It was forecast to hit 80 on Sunday, which is pretty hot in my book. I had wanted to finish the round neck top I’d cut out for Kids Clothes Week but not sewn, but didn’t quite finish in time. Instead, I snuck Es into two other things I’d recently made: the geranium top and sailboat pants. The contrast pocket and lining on the top even matched the pants, which made me pretty happy. Of course I didn’t get a picture until the very end of the day when she was exhausted and would only pose with her water bottle in hand.
Yesterday while Es had a playdate with some very kind friends I was able to finish up the round neck top from that*darn*kat. I’ve linked to the etsy shop but I bought it through Pink Chalk fabrics when the etsy shop was out of stock (pattern here). This was my first time using this pattern. I prefer to have something covering Es’s shoulders during hot weather because they are so prone to getting burned, but it is also nice to have some super summery tops in her rotation.
The pattern couldn’t have been any easier to follow. It included very details directions with a picture for every step. It is size 3T but I think I added an inch to the length. The main fabric is from the Joel Dewberry heirloom line. I got it at a local fabric shop but I also found it here. It ended up rather bright but Es seems to like bright patterns so hopefully that will be a selling point. I’m going to make this again and maybe try something more lightweight than quilting cotton. I have some lovely Robert Kaufman lawn that I’ve been saving for something special.
I was a little concerned about the rolled hem around the arm opening (she also gives directions for bias tape) but it came out okay. It just isn’t quite right on the bottom. I’d love to know any tricks for a rolled hem where you’re going around a tight curve:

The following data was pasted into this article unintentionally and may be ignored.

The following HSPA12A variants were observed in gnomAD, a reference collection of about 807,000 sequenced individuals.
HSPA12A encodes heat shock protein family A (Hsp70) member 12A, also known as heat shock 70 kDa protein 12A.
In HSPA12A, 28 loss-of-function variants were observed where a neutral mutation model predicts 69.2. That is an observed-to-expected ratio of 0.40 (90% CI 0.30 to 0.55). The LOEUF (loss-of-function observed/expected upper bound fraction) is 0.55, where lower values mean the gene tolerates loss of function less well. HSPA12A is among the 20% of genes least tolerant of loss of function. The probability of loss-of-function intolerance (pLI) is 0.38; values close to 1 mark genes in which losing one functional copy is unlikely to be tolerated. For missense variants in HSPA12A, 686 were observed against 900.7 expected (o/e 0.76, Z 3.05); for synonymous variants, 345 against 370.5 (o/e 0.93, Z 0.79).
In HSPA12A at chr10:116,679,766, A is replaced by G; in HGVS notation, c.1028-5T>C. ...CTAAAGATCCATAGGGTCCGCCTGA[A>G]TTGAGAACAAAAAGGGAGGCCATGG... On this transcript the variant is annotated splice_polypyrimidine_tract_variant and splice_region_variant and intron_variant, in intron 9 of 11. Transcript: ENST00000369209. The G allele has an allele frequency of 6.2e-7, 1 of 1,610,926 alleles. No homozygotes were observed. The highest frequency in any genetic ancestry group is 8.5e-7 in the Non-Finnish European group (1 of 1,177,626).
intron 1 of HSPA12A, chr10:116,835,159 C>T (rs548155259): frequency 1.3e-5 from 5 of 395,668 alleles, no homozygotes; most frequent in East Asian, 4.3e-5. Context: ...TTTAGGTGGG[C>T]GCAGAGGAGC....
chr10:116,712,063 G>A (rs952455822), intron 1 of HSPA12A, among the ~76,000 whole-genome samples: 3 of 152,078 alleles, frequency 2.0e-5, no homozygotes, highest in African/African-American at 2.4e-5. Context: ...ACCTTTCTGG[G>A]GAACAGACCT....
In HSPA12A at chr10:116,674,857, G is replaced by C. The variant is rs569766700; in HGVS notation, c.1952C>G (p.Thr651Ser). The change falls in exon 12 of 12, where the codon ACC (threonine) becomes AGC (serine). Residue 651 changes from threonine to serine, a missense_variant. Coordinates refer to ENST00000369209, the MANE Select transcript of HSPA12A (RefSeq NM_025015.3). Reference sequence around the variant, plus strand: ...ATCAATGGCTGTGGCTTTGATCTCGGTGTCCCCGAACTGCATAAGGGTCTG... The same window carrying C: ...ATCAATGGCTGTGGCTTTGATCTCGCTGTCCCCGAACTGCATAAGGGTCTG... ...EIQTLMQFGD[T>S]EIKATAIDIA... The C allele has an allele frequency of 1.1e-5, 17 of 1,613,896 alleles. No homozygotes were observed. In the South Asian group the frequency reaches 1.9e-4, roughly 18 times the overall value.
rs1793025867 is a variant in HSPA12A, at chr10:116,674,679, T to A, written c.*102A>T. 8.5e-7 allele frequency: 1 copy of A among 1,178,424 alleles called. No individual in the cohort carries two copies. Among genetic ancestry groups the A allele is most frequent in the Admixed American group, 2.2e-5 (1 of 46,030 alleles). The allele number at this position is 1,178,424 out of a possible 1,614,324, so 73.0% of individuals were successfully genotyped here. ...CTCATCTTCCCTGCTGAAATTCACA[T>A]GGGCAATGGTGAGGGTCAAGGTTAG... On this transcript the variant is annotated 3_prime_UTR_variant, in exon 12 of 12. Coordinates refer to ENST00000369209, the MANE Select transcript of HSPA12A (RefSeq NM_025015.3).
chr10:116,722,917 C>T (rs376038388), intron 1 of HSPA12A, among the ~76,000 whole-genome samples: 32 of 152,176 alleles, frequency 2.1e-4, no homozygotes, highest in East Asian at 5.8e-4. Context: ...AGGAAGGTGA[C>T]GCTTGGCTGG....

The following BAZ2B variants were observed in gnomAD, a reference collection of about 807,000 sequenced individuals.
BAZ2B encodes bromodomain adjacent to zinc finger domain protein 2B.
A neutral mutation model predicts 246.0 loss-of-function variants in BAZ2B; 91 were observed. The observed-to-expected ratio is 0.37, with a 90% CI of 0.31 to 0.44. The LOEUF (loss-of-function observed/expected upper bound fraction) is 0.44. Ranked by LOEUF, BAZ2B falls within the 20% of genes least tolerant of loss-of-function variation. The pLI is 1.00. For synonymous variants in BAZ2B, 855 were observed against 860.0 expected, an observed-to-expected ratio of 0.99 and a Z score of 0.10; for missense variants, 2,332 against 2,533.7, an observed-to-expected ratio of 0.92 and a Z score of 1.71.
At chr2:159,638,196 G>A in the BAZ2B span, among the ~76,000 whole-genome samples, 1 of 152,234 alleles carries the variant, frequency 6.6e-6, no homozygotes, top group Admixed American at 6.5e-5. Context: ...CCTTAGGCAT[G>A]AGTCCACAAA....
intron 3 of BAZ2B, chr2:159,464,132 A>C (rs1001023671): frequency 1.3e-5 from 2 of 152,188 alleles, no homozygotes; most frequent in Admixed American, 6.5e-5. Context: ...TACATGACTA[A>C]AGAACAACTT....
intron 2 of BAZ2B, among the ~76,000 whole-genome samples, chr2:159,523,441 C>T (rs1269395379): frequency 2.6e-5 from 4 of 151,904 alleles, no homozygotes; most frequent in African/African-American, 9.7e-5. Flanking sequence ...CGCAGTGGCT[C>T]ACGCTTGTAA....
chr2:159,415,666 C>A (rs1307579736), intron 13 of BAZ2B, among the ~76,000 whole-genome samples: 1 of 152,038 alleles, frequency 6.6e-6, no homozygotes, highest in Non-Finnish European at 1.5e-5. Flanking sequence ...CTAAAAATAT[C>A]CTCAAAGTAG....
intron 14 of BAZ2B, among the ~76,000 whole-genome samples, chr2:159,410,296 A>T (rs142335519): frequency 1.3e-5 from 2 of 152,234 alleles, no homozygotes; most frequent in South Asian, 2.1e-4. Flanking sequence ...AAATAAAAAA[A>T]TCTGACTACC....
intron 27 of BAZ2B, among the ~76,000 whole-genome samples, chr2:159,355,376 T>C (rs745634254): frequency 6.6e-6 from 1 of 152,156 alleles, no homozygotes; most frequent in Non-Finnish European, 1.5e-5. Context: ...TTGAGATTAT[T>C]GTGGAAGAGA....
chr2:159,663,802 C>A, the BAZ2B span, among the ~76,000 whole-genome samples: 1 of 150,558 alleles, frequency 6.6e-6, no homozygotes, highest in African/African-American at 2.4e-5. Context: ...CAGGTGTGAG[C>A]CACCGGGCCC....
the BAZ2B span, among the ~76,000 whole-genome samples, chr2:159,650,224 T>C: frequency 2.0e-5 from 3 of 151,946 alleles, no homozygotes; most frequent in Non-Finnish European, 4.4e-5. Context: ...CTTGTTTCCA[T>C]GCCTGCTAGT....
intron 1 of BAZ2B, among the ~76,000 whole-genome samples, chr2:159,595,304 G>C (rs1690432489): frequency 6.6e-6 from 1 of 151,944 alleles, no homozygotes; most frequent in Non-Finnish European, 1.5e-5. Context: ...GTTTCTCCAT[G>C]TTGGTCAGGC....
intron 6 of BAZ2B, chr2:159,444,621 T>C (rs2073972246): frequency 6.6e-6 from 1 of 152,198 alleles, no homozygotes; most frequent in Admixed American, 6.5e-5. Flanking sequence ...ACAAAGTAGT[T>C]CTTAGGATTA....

The pattern also prompts you to add a little tag to the back so you can tell which side is which when dressing. I also labeled the size on the tag.
My only other problem was completely my own fault and I don’t know what I was thinking. I attached the front yoke to the back dress panel and the back yoke to the front of the dress. I didn’t realize this until I was completely done sewing and ready for the buttonholes. The thought of ripping out both yoke pieces made me want to cry. After a closer examination is looked like the pieces weren’t too different. I cut out and hand sewed my little size tag to the correct side and switched the buttonholes and the button sides and it seems to work.
I also bought that*darn*cat’s ridiculously cute underwear pattern at the same time. I’m stockpiling various odds and ends to use for this project sometime soon. It looks like a good project for practicing knits and maybe learning how to use my mom’s serger.